USA warns Hong Kong government may demand business and customer data, run surveillance without warrants

Hong Kong authorities 'alarmed by unsubstantiated remarks'

Hong Kong's Chief Executive Carrie Lam has slammed a US government advisory that warns business of warrantless surveillance and the potential for forced surrender of corporate and customer data in the Special Administrative Region (SAR).

The advisory [PDF], issued on Friday US time by the US Departments of State, Treasury, Commerce, and Homeland Security, lists "Heightened Risks Regarding Data Privacy" as one of four concerns for businesses operating in the Region.

The advisory offers the following blunt assessment of the situation in Hong Kong:

Businesses face risks associated with electronic surveillance without warrants and the surrender of data to authorities.

The reason for that assessment is Hong Kong's National Security Law (NSL), an instrument that came into force on July 16th, 2020 – the same day as this advisory was published.

In a press release announcing the advisory's publication, US Secretary of State Anthony J. Blinken stated "The policies which the People's Republic of China government and the Government of Hong Kong have implemented undermine the legal and regulatory environment that is critical for individuals and businesses to operate freely and with legal certainty in Hong Kong."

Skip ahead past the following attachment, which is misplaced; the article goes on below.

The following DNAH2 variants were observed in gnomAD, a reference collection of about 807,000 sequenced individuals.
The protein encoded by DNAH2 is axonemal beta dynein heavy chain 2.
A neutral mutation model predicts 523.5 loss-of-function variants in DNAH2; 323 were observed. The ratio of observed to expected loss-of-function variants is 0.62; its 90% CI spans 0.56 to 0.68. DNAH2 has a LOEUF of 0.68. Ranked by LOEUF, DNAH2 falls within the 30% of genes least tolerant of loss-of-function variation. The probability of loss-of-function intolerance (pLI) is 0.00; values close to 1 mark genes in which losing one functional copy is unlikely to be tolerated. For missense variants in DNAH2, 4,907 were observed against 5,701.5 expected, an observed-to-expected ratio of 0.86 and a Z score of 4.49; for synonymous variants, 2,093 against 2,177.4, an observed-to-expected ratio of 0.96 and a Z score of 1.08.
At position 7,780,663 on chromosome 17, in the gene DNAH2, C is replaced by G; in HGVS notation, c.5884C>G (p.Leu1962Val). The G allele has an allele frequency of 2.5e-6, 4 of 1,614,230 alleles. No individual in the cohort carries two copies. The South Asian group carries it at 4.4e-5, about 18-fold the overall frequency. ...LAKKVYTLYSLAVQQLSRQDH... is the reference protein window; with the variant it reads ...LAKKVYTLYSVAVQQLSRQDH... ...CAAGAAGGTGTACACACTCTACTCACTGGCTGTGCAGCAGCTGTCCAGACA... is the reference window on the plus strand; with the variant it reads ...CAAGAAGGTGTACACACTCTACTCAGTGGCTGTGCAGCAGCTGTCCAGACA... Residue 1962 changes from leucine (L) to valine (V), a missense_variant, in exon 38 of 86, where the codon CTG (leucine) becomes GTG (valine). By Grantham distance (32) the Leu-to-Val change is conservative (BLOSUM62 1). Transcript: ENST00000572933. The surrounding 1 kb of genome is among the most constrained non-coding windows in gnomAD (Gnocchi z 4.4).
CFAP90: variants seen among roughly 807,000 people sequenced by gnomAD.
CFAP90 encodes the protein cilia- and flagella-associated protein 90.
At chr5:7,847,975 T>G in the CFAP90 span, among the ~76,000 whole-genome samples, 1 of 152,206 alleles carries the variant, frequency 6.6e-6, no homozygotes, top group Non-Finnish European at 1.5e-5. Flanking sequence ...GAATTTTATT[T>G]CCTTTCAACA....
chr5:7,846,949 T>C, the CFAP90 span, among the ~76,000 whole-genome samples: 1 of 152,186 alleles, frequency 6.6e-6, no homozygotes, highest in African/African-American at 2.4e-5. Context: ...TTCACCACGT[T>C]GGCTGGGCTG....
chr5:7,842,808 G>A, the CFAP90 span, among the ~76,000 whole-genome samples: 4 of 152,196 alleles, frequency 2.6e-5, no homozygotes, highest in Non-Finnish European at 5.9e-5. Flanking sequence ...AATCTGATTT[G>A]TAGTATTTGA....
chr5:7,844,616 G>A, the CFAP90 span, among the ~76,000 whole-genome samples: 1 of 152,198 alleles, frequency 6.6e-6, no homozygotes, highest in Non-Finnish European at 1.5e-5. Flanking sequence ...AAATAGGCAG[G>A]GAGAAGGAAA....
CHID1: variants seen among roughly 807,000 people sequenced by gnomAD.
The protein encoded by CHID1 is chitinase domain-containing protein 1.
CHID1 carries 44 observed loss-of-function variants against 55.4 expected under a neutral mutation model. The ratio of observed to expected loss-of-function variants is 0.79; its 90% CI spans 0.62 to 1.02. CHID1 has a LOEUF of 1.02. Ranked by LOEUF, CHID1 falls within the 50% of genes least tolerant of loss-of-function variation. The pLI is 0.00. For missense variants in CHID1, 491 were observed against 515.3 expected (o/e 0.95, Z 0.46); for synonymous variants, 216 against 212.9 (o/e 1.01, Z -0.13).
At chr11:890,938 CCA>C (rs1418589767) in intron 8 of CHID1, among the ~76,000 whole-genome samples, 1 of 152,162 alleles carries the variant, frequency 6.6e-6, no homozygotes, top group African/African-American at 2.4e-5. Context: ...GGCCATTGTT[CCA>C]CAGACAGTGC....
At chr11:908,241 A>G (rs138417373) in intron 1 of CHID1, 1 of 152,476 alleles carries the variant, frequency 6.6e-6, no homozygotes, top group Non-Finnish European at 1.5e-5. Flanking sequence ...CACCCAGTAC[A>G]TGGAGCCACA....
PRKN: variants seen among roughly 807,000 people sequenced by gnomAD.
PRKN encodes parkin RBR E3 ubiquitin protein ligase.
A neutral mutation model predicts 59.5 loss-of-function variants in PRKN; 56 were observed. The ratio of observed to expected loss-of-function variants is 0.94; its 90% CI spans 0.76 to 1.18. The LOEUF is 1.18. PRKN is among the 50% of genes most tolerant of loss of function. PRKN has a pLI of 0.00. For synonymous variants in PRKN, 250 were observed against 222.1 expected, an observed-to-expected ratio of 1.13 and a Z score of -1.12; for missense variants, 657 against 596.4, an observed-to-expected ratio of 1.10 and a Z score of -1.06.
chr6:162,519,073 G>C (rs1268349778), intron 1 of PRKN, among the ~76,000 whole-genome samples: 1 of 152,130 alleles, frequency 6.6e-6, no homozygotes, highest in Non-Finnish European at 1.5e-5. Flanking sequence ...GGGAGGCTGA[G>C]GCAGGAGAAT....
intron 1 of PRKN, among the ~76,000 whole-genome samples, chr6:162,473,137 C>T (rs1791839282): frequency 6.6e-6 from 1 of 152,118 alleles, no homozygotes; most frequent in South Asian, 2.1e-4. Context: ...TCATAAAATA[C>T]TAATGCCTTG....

The release added: "Businesses should be aware that the risks faced in mainland China are now increasingly present in Hong Kong."

The advisory states the law "introduced a heightened risk of PRC and Hong Kong authorities using expanded legal authorities to collect data from businesses and individuals in Hong Kong for actions that may violate 'national security'".

While the agencies that issued the advisory haven't seen national security used as a pretext to put the NSL into action on unrelated matters, the document suggests such overreach is possible. That potential, plus the NSL's empowerment of Hong Kong's Chief Executive to authorise wiretaps or electronic surveillance without the need for a court order, has the US worried that business data could be at risk.

Lam slammed the advisory, calling it and the press release "sweeping and totally unsubstantiated".